Evolution of the language organism

June 10, 2011

Professor Simon Kirby is a computational linguist who holds the Chair of Language Evolution in the department of Linguistics and English Language at the University of Edinburgh.

Kirby and his colleagues investigate, among other things, how culture and biology interact in humans to give rise to language. He appeared on this blog before, when I included his paper “The Evolution of Language” (PDF) in an early collection of language links. Here’s a diagram from the paper:

The Language Evolution and Computation research unit, which Kirby co-founded, focuses on “understanding the origins and evolution of language and communication”. It has “pioneered the application of computational and mathematical modelling techniques to traditional issues in language acquisition, change and evolution”. Its website has an overview of this work, along with a selection of dissertations and an introduction to the intriguing “alien language” experiment.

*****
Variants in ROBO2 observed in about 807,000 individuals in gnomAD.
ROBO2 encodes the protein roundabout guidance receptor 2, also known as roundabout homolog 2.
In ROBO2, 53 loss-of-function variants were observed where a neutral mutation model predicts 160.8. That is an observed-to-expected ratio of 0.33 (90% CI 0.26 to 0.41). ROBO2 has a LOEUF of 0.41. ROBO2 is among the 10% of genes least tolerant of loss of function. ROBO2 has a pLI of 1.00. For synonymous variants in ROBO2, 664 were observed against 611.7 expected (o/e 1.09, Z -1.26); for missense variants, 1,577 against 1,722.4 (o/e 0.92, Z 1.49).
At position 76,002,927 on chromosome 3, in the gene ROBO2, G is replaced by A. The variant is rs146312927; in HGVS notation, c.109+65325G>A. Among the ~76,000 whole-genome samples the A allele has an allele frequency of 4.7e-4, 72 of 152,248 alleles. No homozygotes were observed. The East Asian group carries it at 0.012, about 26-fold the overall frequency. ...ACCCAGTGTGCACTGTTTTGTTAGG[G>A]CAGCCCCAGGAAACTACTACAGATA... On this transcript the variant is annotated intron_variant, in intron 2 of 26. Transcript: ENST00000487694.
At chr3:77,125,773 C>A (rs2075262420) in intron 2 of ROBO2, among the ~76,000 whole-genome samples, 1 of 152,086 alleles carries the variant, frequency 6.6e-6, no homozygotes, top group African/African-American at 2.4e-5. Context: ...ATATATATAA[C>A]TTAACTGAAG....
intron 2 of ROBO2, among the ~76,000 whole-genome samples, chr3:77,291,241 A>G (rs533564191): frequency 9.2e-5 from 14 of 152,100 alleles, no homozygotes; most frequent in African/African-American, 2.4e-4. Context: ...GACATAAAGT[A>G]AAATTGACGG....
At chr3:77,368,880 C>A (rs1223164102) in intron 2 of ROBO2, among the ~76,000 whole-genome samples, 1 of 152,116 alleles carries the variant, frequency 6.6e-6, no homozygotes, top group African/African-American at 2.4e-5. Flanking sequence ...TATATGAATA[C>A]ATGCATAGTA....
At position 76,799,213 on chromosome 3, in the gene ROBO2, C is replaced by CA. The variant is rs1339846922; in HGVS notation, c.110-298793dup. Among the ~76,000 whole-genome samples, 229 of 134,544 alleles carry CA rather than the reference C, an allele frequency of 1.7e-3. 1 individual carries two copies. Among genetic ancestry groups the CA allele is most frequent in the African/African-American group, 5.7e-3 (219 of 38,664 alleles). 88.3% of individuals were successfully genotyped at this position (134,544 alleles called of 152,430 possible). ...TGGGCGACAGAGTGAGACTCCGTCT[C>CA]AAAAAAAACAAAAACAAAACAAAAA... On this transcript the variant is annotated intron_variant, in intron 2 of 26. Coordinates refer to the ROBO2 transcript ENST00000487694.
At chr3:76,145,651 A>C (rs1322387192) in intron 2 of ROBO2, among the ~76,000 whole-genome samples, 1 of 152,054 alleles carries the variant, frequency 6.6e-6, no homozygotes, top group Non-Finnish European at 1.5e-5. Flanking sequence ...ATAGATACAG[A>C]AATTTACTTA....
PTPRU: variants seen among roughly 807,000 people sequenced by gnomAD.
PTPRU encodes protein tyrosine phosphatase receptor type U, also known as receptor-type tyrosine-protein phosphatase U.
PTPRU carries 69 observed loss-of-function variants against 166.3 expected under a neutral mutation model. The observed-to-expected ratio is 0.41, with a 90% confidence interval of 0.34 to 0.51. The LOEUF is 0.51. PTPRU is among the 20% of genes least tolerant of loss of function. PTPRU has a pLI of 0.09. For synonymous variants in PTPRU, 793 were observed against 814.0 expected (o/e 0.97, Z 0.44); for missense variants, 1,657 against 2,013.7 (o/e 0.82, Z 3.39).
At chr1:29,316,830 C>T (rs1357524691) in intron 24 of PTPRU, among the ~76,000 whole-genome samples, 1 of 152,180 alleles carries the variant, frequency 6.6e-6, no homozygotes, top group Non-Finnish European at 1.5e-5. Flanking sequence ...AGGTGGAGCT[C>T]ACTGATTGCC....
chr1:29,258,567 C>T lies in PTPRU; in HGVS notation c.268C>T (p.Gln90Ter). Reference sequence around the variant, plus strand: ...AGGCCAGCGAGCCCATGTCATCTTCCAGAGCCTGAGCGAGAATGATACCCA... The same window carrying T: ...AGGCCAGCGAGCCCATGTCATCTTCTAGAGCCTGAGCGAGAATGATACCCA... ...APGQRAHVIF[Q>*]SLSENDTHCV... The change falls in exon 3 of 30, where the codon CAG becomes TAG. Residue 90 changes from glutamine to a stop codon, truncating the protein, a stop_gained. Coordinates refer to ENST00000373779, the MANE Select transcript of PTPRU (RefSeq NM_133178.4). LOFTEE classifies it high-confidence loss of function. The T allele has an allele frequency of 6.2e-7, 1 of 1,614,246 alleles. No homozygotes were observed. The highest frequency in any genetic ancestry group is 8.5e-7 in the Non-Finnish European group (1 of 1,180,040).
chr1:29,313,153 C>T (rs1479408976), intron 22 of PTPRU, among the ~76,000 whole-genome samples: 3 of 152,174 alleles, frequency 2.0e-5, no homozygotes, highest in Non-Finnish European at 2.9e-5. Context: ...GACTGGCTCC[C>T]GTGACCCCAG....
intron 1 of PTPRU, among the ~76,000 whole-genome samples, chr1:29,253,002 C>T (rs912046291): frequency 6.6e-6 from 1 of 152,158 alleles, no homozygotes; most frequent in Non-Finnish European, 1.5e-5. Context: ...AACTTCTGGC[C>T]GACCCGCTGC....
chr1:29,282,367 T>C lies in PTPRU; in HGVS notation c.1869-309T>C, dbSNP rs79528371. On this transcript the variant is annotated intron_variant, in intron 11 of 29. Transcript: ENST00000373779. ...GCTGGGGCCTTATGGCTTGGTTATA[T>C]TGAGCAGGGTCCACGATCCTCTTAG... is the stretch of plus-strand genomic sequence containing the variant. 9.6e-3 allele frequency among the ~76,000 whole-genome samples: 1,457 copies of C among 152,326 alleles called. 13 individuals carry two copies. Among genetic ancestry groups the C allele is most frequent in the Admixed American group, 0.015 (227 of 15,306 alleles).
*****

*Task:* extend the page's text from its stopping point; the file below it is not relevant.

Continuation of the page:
Kirby’s public Inaugural Lecture took place in March but appeared on YouTube just recently. Titled The Language Organism: evolution, culture, and what it means to be human, it is a broad discussion with general appeal, and Kirby is a relaxed and genial speaker. (I don’t know whether the ambiguity in the phrase “the language organism” is deliberate; it’s apt in any case.) From his summary:

Our species can do something utterly unique in the natural world – a behaviour so transformative that it has reshaped the mechanisms of our own evolution. . . . Virtually all species communicate, but only humans have this trick called Language.

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